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HMRC internal manual

National Insurance Manual

Class 1: Personal Liability Notices: Who can receive a PLN?

Section 121C, Social Security Administration Act 1992

A Personal Liability Notice can be issued to any individual who was an officer of the company at the time of the failure to pay the National Insurance Contributions due under statute, and where HMRC is of the opinion that the failure to pay was attributable to the fraud or neglect by that individual. In the context of the legislation such officers are described as “culpable officers”.

The above legislation defines the word officer as meaning

  • any director, manager, secretary or other similar officer of the company, or any person purporting to act as such. This includes shadow or de facto directors; and
  • in a case where the affairs of the company are managed by its members, any member exercising functions of management with respect to it or purporting to do so.

Normally, HMRC will only issue a PLN to a person who is a director or company secretary of the relevant company. A PLN can however be issued to someone not holding one of these positions providing it can be established that the individual concerned was:

  • substantially managing the affairs of the company; or
  • someone in accordance with whose direction or instructions the directors were accustomed to act; or
  • a shadow director of the company.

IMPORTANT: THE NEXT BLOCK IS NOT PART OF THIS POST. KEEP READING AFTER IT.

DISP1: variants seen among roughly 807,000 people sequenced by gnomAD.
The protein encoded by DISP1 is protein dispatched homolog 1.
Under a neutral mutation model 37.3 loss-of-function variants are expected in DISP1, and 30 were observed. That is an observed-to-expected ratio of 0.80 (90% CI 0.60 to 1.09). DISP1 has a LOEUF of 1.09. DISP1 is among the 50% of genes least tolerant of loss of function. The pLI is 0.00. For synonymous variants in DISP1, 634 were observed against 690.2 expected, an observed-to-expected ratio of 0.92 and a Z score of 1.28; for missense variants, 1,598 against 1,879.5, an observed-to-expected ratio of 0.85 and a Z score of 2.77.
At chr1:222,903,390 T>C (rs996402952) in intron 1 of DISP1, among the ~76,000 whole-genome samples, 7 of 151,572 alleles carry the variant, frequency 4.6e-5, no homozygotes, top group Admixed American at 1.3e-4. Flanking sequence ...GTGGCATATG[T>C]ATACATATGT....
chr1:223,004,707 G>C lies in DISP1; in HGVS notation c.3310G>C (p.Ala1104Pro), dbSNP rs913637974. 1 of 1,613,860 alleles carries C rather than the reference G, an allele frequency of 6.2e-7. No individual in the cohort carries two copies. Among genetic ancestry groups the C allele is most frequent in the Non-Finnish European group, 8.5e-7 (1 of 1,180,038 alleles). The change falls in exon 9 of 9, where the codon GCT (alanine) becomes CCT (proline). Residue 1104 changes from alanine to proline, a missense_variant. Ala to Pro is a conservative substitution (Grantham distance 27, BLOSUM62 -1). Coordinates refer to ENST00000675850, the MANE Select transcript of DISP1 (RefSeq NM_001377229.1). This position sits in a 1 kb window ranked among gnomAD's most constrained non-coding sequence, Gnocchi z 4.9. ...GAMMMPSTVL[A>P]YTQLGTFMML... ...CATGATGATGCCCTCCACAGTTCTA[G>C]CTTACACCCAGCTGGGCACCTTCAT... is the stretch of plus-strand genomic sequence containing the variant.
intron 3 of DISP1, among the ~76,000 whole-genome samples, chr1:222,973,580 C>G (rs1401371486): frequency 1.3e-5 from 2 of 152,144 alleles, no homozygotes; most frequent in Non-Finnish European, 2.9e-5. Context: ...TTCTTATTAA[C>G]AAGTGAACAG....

A shadow director is someone who is not a named director but who directs or controls the company. Acting as a shadow director is not necessarily an offence in itself, but the presence of a shadow director is an indicator of risk. This is because the management of a company by someone not listed as one of its directors suggests an attempt to conceal something.

The meaning of manager was addressed during the House of Lords debate on the introduction of the legislation when specific reference was made to the case of RE B Johnson & Co (Builders) Ltd, 1955 where it was stated:

‘a manager would be, in ordinary talk, a person who has the management of the whole affairs of the company; not an agent who is to do a particular thing, or a servant who is to obey orders, but a person who is entrusted with the power to transact the whole affairs of the company.’


‘a person holding, whether de jure or de facto, a post in or with the company of a nature charging him with the duty of managing the affairs of the company’s benefit.’